Josh Irby

Live from Sarajevo

When you don’t know what to do, keep moving forward

This is part of  a series on how I wrote and published my first book in one year. You can read part one and part two first, if you want. You can also download the first two chapters of my book for free.

From fall 2010 into spring 2011 I rushed to finish my first book, a 65,000-word historical biography and personal memoir. The clock ticked towards the release date on the 100th anniversary of the death of my subject, Adeline Pauline Irby—British citizen, Bosnian hero, and my cousin

I planned to print a thousand copies of the finished draft and hand them out for free on the streets of Sarajevo.  In the end, my expectations were too low.

Photo credit Steve Bullivant (Creative Commons)

Photo credit Steve Bullivant (Creative Commons)

 I was new to writing and naïve about the publishing process. I thought it worked like this:


As the work progressed, I got the feeling there might be more to publishing than these three tasks. I met with a friend whose organization publishes and distributes books.  He is a detail person. During our one-hour coffee, I filled a page of notes.

Turns out publishing a book is more complicated than I thought.

Translate into Bosnian
Design layout
Edit again
Design Cover
Edit again
Send to Printer

It was overwhelming. But I decided to keep writing and figure everything out later.  I now realize I stumbled upon an important principle:

When you don’t know what to do, keep moving forward. (you can tweet that if you want)

A few months later, when I was 2/3 the way through the first draft, I met another friend for coffee. (In Sarajevo, all good things happen while drinking coffee) We discussed my progress on the book and he asked if I had considered publishing it with a local publisher.

I told him I planned to self-publish. While answering, a thought took over my mind:

I am self-publishing not because publishers rejected the book, but because none have seen it. I am going to give the book away for free because I don’t believe it is worth more.

I was taking the easier path to avoid rejection. My reasons were only excuses. The greatest limitation on the success of my book was how well I thought it could do.

Directly across from the coffee shop was one of the top bookstores in the country. I got up and crossed the road. After talking to a couple of sales associates and a manager, I had a card and a number to call. I came back to my friend who was still sitting in the coffee shop.

“How did it go?”

“Well, it’s not a ‘No’.”

Empowered by my non-rejection I decided to try a second publisher.

There was a bookstore in the center of town that I frequented once or twice a week. My daughter took ballet lessons across the street and while she practiced, my son and I read books. After a few months, I knew all the workers on a first name basis.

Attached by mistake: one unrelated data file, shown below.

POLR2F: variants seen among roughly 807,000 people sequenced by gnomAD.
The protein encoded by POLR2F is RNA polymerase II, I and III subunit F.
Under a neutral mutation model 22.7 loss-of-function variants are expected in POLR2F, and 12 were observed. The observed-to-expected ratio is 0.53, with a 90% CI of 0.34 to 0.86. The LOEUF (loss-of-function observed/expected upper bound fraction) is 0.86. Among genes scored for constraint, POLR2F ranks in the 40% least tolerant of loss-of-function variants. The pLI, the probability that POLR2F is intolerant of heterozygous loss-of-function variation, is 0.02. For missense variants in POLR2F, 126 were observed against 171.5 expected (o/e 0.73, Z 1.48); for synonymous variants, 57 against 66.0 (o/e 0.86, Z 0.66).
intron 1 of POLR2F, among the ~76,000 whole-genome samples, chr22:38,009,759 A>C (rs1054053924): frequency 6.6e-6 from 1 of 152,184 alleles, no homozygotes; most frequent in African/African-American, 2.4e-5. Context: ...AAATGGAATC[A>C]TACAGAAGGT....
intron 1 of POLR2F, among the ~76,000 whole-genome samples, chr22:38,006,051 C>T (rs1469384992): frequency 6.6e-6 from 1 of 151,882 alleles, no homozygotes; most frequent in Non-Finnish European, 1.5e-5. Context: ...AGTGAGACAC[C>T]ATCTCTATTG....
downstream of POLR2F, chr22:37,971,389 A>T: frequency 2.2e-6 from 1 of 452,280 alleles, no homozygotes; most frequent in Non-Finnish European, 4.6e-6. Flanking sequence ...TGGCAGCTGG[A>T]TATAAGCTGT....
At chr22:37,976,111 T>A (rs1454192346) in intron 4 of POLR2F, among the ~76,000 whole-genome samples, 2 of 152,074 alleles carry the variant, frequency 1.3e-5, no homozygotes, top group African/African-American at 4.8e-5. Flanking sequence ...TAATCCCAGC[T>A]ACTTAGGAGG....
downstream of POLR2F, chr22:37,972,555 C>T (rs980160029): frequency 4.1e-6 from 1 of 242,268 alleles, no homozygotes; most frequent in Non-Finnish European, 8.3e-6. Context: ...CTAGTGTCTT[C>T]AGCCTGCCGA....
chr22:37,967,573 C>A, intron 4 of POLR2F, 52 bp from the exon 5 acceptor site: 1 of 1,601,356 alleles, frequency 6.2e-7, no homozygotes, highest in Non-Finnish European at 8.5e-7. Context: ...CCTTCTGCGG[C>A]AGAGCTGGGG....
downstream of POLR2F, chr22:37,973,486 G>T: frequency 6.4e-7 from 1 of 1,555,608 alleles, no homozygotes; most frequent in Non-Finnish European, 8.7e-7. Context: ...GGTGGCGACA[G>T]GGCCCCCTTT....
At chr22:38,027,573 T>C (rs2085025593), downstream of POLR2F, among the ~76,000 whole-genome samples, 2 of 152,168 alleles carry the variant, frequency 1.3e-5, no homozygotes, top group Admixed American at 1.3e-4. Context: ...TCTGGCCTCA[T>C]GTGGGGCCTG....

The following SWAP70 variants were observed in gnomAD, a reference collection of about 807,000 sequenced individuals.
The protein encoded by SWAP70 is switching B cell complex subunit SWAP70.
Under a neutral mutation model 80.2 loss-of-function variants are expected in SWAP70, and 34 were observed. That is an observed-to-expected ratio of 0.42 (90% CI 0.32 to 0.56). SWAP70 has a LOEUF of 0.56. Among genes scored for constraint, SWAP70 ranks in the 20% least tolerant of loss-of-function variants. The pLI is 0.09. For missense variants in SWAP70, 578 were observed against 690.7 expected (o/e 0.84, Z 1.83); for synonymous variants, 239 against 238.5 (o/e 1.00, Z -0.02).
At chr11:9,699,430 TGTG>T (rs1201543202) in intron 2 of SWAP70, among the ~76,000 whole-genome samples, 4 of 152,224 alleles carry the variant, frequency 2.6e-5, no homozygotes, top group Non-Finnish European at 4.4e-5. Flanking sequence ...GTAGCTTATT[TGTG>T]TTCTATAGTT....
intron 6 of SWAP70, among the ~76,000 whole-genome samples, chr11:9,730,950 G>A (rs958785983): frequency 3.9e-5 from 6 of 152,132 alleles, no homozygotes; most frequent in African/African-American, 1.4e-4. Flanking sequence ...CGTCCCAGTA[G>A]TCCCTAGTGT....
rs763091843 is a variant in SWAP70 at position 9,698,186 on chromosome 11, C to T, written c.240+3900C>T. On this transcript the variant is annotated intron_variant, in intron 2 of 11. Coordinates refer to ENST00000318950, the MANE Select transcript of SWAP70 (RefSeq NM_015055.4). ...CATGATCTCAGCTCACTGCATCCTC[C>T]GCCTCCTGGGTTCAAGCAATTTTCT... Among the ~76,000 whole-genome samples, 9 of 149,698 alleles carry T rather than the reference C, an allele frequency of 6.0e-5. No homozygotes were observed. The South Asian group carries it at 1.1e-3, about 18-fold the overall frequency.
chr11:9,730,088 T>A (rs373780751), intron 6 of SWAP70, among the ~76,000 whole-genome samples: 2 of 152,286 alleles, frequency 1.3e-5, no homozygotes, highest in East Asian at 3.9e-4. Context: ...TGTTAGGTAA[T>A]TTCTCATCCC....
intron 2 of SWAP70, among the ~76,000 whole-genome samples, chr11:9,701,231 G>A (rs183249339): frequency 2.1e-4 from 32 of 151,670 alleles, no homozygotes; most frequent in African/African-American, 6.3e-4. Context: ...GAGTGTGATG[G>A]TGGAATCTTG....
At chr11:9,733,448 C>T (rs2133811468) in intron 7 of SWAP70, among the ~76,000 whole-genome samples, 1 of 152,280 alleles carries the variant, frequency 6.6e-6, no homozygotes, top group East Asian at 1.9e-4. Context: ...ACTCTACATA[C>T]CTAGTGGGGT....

I called the store manager and explained my situation. He told me he would call back. The next day he did. We had an appointment with the Vice President of the company.

reading with Elijah

Reading in the bookstore with my son.

There are times when the world makes no sense, when we grasp for meaning in the midst of pain or loss.

There are other times when the world bursts with meaning and purpose, when we are carried along by an invisible hand. Sitting across from the Vice President of one of the top publishers in the country, I felt that way.

What if my daughter had not taken ballet? What if my son and I had not picked that bookstore? What if? All these things were too complex for me to control or plan. From the time I met Miss Irby in my Atlanta living room there was a gravity leading me to this point.

It is not that these things would have happened no matter what; I think I could have missed out. However, it was not my own doing.

I think this “it was meant to be” feeling accompanies many important projects. You move forward in belief that there is something there, and then, along the way, it all makes sense.

There’s “magic” in movement. Good things happen when we aren’t standing still. The key battle is to keep shuffling forward in faith that God is unraveling an even better story than you can imagine.

The Vice President agreed to publish the book. And that was only the beginning.

My wife walked into a new teashop in town the next week to see what they offered. Sarajevo is more of a coffee town so she was surprised to see a gourmet tea shop. In her usual friendly way, she met the owner and manager. As the talked she mentioned I was writing a book about a national hero.

He responded, “Oh, my girlfriend writes literary reviews for a national magazine.”

The next thing I know, I am sitting across from her for an interview. The next month, they printed a four-page article on Miss Irby, me, and the book.

Other strange things happened. I was on a Bosnian talk show and interviewed on the evening news. The press event was published in the back page of the biggest newspaper in the country. The British Ambassador attended the book release and spoke on my behalf. Meeting Miss Irby spent eight months on the Top Ten Bestseller list in Bosnia.

Strange things happen when you get moving.

I think back to all the times I almost quit because I thought I didn’t have what it takes. Well, I didn’t. But with God’s help, a number of God-given friends, and the character built along the way, the task was completed.

And best of all, I discovered a love for writing I never knew was there.

Do you have a similar story? How have you seen movement become meaning?

About Josh